Pen-sized caries-detecting device on display

Nov. 27, 2006
New handheld device with fiber optic and LED technology designed for efficient, accurate early detection of caries.

NEW YORK--A new pen-sized device designed to make the process of locating and diagnosing even the tiniest caries simple, fast and accurate, is being showcased at the Greater New York Dental Meeting Nov. 24-29 in New York City.

The device, the D-Carie mini from neks Technologies of Montreal, Quebec, recently became available in the United States through an exclusive agreement with St. Paul, Minn.-based Patterson Dental.

It is being showcased in three locations during the meeting: the New Product and Technology Pavilion, Neks booth (#3838) and the Patterson Dental booths (#3801 and #4003).

The D-Carie mini is a lightweight, pen-sized and cordless device that uses fiber optic technology and light-emitting diodes (LEDs) to accurately detect both occlusal and interproximal1 caries--even when lesions are in their earliest stages.

"The D-Carie mini simplifies and expedites the accurate, early detection of caries. It is easy to use because it requires no calibration or complex interpretation," said Dr. Naim Karazivan, a dentist and neks cofounder who invented the device. "Dental professionals now have the option of a working with a device that detects caries based on a tooth's structural change rather than counting the level of bacterial fluorescence found within the pits and fissures.

One Utah dentist, Dr. Rand T. Mattson, an early adopter of the D-Carie mini, has incorporated the device into his practice.

"The ease of use and the built-in 2-in-1 probe are really the features that I appreciate the most about the D-Carie mini," Dr. Mattson said. "I don't have to worry about calibrating the device or switching out probes when I check for both occlusal and interproximal caries and can instead concentrate on providing an accurate diagnosis for my patients."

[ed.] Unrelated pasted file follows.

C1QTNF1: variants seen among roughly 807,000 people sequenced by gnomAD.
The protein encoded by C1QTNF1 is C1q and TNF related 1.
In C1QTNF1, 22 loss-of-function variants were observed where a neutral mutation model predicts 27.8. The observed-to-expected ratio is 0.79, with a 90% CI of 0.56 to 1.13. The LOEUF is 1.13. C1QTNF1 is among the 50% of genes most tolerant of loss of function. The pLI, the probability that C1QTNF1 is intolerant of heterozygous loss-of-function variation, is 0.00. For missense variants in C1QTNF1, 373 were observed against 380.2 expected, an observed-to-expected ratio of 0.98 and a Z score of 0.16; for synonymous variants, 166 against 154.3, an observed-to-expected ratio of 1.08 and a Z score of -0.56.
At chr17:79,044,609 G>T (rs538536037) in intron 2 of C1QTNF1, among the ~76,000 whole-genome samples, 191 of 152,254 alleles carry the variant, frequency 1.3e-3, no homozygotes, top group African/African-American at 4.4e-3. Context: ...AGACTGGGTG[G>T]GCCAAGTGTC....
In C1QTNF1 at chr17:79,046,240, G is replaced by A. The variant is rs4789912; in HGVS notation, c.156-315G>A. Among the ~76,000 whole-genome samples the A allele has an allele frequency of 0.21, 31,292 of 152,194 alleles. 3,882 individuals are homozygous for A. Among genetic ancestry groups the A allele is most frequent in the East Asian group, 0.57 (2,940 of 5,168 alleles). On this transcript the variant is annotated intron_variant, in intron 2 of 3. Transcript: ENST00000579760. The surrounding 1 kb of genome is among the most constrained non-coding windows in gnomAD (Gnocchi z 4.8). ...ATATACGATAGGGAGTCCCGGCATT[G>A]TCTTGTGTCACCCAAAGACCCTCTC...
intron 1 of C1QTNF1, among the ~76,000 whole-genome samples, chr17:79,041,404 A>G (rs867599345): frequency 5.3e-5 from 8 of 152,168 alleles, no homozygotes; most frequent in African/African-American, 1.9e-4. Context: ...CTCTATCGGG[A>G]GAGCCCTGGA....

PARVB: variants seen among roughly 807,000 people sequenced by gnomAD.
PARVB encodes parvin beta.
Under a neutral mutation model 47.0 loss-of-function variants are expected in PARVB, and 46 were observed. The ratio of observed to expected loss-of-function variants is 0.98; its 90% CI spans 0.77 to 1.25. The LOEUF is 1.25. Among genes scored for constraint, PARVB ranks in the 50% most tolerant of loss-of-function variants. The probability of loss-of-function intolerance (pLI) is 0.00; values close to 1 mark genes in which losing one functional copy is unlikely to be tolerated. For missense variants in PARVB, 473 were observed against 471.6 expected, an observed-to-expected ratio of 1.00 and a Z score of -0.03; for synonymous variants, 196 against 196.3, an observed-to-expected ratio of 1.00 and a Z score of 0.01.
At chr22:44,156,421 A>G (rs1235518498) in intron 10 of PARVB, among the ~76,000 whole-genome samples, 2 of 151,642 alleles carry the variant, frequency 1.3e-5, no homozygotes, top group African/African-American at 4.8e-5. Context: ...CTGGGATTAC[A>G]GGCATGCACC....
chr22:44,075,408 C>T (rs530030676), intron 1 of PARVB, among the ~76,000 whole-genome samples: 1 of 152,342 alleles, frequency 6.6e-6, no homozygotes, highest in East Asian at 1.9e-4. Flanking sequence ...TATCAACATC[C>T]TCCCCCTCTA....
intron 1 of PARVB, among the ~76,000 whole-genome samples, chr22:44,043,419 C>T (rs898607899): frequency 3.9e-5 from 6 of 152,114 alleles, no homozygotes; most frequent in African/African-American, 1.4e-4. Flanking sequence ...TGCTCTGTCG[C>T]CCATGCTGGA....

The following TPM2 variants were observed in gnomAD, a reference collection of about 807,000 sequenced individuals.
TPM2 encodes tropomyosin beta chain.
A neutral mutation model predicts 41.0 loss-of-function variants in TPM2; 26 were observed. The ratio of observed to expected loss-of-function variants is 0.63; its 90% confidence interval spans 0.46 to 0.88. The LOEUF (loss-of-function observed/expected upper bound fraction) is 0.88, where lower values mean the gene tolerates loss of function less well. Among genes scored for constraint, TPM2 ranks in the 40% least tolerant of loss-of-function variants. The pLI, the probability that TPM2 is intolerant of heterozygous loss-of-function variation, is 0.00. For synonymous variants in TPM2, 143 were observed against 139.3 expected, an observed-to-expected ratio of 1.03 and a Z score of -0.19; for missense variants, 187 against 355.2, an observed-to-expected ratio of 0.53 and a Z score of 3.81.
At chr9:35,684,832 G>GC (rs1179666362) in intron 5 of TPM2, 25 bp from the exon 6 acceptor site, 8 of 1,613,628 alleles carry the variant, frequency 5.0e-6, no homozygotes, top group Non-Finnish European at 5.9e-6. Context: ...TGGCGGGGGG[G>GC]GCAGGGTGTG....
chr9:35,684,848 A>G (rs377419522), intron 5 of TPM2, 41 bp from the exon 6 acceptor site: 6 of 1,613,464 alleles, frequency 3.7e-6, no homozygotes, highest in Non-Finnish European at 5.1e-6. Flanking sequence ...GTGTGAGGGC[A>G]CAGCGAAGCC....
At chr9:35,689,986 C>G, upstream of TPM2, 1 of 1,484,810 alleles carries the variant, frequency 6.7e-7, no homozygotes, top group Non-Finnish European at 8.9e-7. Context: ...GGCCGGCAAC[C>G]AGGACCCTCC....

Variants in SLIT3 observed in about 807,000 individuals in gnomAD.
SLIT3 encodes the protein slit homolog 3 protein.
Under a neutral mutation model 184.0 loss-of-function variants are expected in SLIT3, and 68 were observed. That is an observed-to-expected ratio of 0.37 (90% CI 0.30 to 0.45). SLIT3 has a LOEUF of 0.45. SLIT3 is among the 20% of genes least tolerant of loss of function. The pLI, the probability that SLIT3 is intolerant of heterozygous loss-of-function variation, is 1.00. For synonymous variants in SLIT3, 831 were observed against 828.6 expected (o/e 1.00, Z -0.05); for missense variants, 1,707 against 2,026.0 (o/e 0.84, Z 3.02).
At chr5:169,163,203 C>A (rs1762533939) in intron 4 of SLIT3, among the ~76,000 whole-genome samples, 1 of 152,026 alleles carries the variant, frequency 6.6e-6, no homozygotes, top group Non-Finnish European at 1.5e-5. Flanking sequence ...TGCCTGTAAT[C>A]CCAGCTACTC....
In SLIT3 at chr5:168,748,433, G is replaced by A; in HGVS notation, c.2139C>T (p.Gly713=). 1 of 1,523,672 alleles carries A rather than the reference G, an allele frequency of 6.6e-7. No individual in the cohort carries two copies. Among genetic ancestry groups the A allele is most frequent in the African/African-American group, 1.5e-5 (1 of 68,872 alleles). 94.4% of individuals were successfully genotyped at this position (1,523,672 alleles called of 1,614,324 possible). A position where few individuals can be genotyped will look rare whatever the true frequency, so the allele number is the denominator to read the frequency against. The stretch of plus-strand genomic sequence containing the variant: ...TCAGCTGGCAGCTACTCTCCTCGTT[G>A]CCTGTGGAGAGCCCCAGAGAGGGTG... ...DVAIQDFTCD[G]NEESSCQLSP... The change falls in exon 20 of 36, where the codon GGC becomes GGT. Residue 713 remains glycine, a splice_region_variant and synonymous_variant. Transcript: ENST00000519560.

"The device emits both sound and light signals when caries are detected, enabling the dentist to locate, diagnose and treat the affected area and avoid unnecessary work on healthy surfaces, an approach that is consistent with an emerging trend in dentistry," Dr. Karazivan said.

Dentistry is moving from the surgical model for preventing tooth decay (placing restorations) toward identification of early carious lesions and treating them with non-surgical methods including remineralization.

This new sterilizable, non-invasive device is designed to detect both occlusal and interproximal caries, using the same two-in-one probe. It features cordless technology, battery power and a compact profile that offers practitioners easy handling and simplified, efficient operation.

According to a study performed by the University of Montreal, the neks D-Carie mini detects more than 92 percent of occlusal caries. This represents nearly twice the rate obtained through X-ray and visual examination.

Dental faculties of major universities worldwide, including New York University, Indiana University, Virginia Commonwealth University and Bonn University in Germany are currently evaluating the device and comparing it with other caries detection technologies. Preliminary results are very encouraging, Dr. Karazivan said.

When used as a diagnostic aid in conjunction with an X-ray, the neks D-Carie mini, allows dentists to assess a third dimension--the volume of caries--prior to opening the tooth.

The device also provides dentists with an option for examining and diagnosing children, pregnant women and patients who prefer to forgo X-rays or limit their exposure to them for health or personal reasons.